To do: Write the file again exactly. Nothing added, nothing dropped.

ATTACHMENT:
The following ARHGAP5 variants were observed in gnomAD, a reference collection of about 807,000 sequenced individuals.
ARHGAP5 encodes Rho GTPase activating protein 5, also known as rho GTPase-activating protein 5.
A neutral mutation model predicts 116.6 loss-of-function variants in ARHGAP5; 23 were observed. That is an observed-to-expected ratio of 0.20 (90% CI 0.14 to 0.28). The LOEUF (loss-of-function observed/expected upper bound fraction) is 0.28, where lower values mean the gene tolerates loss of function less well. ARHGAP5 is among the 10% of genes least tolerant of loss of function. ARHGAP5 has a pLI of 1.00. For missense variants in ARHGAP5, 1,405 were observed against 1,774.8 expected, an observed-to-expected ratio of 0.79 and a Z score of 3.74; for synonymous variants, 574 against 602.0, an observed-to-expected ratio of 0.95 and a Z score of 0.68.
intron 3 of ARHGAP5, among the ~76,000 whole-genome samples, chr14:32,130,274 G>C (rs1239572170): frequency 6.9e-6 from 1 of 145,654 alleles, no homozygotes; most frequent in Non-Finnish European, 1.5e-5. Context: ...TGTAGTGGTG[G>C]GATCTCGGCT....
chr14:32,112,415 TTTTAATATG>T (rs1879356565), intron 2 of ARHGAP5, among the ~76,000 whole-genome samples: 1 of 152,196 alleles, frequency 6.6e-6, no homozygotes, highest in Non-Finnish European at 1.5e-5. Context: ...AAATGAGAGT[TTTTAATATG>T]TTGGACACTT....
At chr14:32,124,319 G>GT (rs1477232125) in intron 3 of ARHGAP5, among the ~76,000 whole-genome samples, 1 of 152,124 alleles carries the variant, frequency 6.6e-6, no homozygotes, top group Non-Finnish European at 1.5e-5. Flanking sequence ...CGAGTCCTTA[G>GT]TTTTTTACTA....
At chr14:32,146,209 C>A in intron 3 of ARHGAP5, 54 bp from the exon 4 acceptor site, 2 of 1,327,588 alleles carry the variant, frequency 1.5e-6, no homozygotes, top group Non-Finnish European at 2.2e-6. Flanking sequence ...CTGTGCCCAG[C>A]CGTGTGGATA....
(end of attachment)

The following ARHGAP5 variants were observed in gnomAD, a reference collection of about 807,000 sequenced individuals.
ARHGAP5 encodes Rho GTPase activating protein 5, also known as rho GTPase-activating protein 5.
A neutral mutation model predicts 116.6 loss-of-function variants in ARHGAP5; 23 were observed. That is an observed-to-expected ratio of 0.20 (90% CI 0.14 to 0.28). The LOEUF (loss-of-function observed/expected upper bound fraction) is 0.28, where lower values mean the gene tolerates loss of function less well. ARHGAP5 is among the 10% of genes least tolerant of loss of function. ARHGAP5 has a pLI of 1.00. For missense variants in ARHGAP5, 1,405 were observed against 1,774.8 expected, an observed-to-expected ratio of 0.79 and a Z score of 3.74; for synonymous variants, 574 against 602.0, an observed-to-expected ratio of 0.95 and a Z score of 0.68.
intron 3 of ARHGAP5, among the ~76,000 whole-genome samples, chr14:32,130,274 G>C (rs1239572170): frequency 6.9e-6 from 1 of 145,654 alleles, no homozygotes; most frequent in Non-Finnish European, 1.5e-5. Context: ...TGTAGTGGTG[G>C]GATCTCGGCT....
chr14:32,112,415 TTTTAATATG>T (rs1879356565), intron 2 of ARHGAP5, among the ~76,000 whole-genome samples: 1 of 152,196 alleles, frequency 6.6e-6, no homozygotes, highest in Non-Finnish European at 1.5e-5. Context: ...AAATGAGAGT[TTTTAATATG>T]TTGGACACTT....
At chr14:32,124,319 G>GT (rs1477232125) in intron 3 of ARHGAP5, among the ~76,000 whole-genome samples, 1 of 152,124 alleles carries the variant, frequency 6.6e-6, no homozygotes, top group Non-Finnish European at 1.5e-5. Flanking sequence ...CGAGTCCTTA[G>GT]TTTTTTACTA....
At chr14:32,146,209 C>A in intron 3 of ARHGAP5, 54 bp from the exon 4 acceptor site, 2 of 1,327,588 alleles carry the variant, frequency 1.5e-6, no homozygotes, top group Non-Finnish European at 2.2e-6. Flanking sequence ...CTGTGCCCAG[C>A]CGTGTGGATA....